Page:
Cyberbullying is often thought of as a problem among teenagers, but people seeking a divorce in Pasadena may find that online tools give an angry ex the ability to harass and intimidate them even after the divorce is finalized.
Cyberbullying can be hard to handle because overworked local law enforcement officers with limited resources will give priority to cases that involve physical violence. However, that does not mean you should ignore the issue completely. Make copies of all communication that you receive. Take screen captures of Facebook posts, Tweets, blog entries, and anything that might be deleted before the authorities have a chance to see it.
If you have an active social networking presence, check your privacy settings carefully and have them set to the most restrictive levels. If you have a child, briefly explain to him or her that you wish to keep your social networking private. Sometimes, parents will gain access to an ex's account through their child's profile.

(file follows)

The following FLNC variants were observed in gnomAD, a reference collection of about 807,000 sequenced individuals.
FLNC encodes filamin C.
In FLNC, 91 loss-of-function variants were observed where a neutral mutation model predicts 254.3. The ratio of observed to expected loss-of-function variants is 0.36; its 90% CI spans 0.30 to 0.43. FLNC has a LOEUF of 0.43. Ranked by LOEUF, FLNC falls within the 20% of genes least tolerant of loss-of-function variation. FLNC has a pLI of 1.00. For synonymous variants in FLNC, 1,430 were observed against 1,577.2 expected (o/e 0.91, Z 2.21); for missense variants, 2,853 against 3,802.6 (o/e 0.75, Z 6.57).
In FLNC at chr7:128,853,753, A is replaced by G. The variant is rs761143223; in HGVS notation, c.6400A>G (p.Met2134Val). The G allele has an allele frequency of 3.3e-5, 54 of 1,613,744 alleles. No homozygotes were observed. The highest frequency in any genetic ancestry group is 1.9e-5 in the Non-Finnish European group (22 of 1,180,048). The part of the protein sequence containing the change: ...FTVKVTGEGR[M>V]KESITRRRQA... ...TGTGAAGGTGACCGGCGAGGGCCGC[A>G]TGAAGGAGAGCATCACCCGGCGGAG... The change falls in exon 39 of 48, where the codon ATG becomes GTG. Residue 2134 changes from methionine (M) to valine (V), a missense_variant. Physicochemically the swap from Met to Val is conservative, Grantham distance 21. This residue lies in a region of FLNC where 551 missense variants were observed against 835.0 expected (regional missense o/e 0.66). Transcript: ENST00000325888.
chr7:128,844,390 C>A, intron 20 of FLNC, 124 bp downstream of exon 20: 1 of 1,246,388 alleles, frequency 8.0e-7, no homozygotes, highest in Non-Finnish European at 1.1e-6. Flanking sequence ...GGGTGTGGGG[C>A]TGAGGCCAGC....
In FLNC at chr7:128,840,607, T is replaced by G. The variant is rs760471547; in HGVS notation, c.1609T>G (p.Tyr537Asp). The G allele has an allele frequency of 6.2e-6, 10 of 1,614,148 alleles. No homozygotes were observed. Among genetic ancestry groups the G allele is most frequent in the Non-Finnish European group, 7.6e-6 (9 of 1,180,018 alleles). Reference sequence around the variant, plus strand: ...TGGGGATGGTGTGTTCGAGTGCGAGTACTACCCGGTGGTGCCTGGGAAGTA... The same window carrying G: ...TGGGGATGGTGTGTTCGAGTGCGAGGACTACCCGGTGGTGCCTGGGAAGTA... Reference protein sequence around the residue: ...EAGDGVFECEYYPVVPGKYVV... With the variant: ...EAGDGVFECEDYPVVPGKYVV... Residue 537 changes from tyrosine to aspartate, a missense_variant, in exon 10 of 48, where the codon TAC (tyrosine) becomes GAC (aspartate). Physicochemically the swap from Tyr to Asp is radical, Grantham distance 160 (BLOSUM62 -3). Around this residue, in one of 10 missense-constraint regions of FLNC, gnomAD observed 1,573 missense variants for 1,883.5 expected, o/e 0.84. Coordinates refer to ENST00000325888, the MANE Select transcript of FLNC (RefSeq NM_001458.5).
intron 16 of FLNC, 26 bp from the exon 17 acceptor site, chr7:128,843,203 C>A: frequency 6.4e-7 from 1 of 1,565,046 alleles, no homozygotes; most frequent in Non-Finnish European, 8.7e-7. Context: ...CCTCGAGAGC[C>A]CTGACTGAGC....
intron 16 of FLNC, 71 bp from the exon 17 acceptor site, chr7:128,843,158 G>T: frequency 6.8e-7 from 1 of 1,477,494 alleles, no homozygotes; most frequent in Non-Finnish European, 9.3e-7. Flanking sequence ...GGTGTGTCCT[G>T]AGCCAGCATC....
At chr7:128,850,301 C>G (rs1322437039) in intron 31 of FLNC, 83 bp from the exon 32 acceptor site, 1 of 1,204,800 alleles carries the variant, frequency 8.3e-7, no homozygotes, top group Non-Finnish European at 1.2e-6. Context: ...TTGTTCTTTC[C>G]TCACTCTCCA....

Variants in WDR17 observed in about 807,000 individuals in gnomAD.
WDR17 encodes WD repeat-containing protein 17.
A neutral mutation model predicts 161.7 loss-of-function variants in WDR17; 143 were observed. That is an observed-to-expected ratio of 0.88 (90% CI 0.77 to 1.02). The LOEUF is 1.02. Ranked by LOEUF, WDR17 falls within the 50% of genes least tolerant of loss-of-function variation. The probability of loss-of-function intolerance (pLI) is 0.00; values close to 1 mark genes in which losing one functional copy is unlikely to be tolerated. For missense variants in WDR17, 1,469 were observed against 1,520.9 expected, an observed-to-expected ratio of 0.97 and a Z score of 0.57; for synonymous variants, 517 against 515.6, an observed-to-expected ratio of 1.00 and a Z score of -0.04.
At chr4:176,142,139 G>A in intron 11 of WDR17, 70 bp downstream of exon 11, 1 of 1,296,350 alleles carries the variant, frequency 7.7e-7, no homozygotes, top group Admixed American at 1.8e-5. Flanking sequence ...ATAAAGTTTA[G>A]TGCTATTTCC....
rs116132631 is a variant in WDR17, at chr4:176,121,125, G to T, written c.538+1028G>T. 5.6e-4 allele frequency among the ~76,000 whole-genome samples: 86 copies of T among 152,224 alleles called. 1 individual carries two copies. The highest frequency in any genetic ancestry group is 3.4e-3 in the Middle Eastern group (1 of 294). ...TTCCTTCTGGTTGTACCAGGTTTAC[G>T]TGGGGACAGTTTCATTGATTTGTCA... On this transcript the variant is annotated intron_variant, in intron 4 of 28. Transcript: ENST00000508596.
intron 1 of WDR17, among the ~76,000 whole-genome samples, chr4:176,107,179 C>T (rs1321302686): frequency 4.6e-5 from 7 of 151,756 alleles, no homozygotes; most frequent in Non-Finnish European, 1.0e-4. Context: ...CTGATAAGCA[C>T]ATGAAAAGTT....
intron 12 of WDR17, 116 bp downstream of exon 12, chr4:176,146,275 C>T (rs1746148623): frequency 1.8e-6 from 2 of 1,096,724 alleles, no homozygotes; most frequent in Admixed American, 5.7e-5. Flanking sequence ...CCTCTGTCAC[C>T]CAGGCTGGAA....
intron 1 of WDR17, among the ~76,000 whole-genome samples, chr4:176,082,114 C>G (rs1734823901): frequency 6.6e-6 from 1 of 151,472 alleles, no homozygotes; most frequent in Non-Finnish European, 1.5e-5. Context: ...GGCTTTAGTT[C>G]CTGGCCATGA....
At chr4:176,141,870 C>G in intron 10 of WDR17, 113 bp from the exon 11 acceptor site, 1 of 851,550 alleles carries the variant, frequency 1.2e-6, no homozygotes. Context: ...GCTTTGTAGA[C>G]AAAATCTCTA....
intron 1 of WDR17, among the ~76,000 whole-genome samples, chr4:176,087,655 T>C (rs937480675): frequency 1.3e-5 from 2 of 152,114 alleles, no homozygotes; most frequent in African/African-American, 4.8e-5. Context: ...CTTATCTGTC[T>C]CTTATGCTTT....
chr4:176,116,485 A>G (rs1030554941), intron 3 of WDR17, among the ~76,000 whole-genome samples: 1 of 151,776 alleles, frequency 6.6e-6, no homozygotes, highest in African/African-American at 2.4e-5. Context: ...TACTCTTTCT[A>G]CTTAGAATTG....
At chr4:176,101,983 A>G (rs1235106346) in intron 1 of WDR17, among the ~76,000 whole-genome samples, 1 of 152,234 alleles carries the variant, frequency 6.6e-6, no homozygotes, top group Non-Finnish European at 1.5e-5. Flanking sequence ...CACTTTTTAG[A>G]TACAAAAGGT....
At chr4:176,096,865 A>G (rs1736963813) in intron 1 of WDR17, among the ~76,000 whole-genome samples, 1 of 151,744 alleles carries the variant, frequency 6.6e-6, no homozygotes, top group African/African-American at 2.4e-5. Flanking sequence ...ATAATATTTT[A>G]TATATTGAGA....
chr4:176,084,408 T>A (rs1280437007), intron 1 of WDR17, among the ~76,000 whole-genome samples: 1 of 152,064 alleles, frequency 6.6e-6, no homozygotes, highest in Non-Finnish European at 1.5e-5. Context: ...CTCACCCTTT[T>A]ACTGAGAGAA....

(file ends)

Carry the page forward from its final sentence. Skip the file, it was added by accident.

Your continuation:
If you need to receive online communication from your ex for scheduling and logistics issues surrounding child visitation, set up an email account that is just for this purpose or use a court-provided email address. This will prevent you from having to deal with any inappropriate emails in your work or personal account. If you do not have children with your ex, the best course of action is to block his email address from your account or to set up a new address. Do not respond to any of the harassing emails, as this will only encourage more contact.
Even though the current laws surrounding cyberbullying are weak, courts are beginning to pay more attention to this issue. Model Christie Brinkley's recent divorce settlement included an intermediary to deal with email bullying that Brinkley had suffered from her ex husband, Peter Cook. Your Pasadena divorce lawyer can help you decide what actions should be taken, depending on the level of bullying you are experiencing.